Squeeze the grated ginger tightly and add only the ginger juice. The soaking time is 15-20 minutes. Mix upside down 2-3 times during the process. After 15 to 20 minutes, throw away the pickling juice. Lightly press the chicken with your hand or chopsticks and discard the marinating liquid, leaving a small amount of marinating liquid in the bottom of the bowl.
Add 3-4 tablespoons of potato starch and mix well until the mixture is sticky enough to cling to your hands. By mixing potato starch with some pickled juice remaining, soy sauce flavor will be on the fried chicken skin and the aroma will improve.
First, heat the frying oil to 160-170°C. The chicken is put in at a lower temperature. And take out all the chicken once. After resting, put all the chicken back into the oil and fry in hot oil until crisp for 1-2 minutes and remove. Drain off the excess oil, arrange it on a serving dish, and garnish with lemon wedges if desired.
Chicken parts of Karaage
Thigh meat is the most commonly used when making and eating karaage at home. By making it fried, the lean meat tightened and the fat melts moderately, so when you put it in your mouth and chew it, you can taste the juicy and delicious fat. When eating at home by cutting it into bite-sized pieces, you can eat it deliciously without uneven taste by cutting the fat and lean meat evenly.
Breast meat, which has less fat than thigh meat and costs a low price in the market, is a family favorite. Chickens move their chest muscles as well as their necks, so they are popular for their lean meat. By frying the firm meat in oil, the crispy batter and chewy texture are delicious. It has a bland taste, how well it cooks, and it becomes too hard over time.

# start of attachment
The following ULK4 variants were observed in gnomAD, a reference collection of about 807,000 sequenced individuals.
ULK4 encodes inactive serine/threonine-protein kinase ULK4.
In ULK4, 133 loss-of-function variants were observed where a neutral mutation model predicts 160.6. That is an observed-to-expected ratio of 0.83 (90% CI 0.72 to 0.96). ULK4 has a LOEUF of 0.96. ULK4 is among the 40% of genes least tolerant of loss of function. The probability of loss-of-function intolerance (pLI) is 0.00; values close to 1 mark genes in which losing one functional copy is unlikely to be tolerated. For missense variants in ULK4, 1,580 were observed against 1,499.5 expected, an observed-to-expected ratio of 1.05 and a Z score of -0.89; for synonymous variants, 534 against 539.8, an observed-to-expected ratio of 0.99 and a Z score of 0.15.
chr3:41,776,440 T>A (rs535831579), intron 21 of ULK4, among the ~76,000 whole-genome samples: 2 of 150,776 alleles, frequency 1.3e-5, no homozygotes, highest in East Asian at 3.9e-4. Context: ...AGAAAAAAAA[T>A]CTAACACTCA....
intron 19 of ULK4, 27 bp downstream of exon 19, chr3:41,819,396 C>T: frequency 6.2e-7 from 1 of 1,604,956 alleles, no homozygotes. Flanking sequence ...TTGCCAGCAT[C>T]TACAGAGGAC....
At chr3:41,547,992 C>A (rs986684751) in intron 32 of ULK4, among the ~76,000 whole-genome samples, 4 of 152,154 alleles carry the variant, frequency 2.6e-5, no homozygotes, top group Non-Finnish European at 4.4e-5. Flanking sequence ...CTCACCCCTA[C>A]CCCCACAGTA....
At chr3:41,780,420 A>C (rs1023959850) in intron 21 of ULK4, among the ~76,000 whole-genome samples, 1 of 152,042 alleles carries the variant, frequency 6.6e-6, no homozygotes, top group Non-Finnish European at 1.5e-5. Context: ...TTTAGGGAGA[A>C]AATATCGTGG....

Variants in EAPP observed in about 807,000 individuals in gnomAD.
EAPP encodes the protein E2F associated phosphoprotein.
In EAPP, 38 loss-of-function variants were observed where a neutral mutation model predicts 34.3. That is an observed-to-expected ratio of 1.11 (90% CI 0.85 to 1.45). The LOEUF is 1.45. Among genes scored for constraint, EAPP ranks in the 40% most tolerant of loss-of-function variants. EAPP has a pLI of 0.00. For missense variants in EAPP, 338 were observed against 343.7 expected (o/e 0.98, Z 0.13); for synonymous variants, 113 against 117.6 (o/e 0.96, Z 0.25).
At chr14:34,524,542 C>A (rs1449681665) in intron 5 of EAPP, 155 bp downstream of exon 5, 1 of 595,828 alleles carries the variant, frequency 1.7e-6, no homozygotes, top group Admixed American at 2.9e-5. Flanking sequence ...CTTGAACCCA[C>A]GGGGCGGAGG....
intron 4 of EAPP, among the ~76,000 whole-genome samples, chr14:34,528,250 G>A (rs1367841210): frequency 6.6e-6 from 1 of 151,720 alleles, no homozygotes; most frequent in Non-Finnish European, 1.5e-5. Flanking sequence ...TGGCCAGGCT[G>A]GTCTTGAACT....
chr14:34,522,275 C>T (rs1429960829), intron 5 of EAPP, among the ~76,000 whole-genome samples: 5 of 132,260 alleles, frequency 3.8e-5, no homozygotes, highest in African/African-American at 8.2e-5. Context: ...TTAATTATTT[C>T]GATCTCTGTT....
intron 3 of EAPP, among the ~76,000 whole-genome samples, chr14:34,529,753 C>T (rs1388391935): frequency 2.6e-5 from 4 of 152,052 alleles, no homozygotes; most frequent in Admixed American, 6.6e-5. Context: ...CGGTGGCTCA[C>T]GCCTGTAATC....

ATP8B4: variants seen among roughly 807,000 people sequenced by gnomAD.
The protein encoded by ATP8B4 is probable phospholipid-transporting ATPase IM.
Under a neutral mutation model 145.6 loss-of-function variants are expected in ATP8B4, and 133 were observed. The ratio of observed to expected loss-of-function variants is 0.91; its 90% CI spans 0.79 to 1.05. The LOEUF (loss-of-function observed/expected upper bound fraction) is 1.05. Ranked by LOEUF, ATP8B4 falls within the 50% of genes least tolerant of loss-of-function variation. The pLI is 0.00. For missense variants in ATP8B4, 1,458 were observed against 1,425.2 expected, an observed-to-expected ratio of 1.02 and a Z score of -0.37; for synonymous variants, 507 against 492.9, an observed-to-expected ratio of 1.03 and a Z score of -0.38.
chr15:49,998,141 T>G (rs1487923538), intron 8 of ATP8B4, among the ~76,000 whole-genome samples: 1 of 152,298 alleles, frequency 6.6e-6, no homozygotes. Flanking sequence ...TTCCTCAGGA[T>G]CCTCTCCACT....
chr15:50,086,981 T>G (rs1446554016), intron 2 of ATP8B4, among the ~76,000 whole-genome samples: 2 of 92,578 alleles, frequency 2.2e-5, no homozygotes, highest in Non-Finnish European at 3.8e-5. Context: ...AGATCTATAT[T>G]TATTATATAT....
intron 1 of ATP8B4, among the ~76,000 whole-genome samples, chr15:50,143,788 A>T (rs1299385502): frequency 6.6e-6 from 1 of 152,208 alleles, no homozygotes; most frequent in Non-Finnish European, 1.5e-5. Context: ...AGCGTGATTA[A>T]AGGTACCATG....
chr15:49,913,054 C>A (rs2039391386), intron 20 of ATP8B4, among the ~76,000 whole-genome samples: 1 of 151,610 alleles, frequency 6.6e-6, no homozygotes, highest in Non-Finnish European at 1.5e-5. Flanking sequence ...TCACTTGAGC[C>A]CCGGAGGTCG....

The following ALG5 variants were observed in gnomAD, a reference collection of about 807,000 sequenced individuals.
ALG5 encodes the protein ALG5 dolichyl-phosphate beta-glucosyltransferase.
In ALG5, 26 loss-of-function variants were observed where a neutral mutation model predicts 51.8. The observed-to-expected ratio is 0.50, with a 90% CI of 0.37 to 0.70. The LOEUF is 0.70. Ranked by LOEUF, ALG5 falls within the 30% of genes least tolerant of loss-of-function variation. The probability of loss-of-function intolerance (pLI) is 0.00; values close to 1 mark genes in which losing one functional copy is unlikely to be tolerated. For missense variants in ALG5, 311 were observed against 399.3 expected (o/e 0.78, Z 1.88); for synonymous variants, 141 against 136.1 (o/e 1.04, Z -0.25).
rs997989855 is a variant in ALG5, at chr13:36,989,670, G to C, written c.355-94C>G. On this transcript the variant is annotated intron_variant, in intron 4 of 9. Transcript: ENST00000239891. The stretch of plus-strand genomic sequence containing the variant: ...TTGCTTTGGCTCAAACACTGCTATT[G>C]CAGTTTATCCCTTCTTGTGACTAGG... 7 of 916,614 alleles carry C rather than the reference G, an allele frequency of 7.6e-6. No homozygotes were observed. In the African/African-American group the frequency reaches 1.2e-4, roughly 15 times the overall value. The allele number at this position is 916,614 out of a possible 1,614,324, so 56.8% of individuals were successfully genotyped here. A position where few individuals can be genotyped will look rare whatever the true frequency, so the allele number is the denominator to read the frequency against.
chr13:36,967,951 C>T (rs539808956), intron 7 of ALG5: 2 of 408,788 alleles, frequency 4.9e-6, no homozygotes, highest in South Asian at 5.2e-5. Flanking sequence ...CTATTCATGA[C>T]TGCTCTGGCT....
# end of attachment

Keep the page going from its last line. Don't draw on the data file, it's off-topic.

There are many parts of the chicken such as chicken wings and chicken wings. There is a completely different taste depending on the part, and among them, fried chicken wings contain a lot of gelatin and fat. It has a crispy texture and the taste changes depending on the strength of the spice. It has many strong flavors and is loved mainly as a snack with sake.
Difference between karaage and tatsuta age
The mixture of the red color of the meat soaked in soy sauce and the white powder of the batter soaked thickly resemble the autumn leaves floating on the white waves of the Tatsuta River. In contrast to deep-fried chicken seasoned with ingredients such as wheat flour and potato starch and fried in oil, Tatsuta-age refers to fried with only potato starch. However, it seems that there are many cases where the name is different depending on the household, and even if only locals use potato starch, they called it karaage.
Seasoning regional differences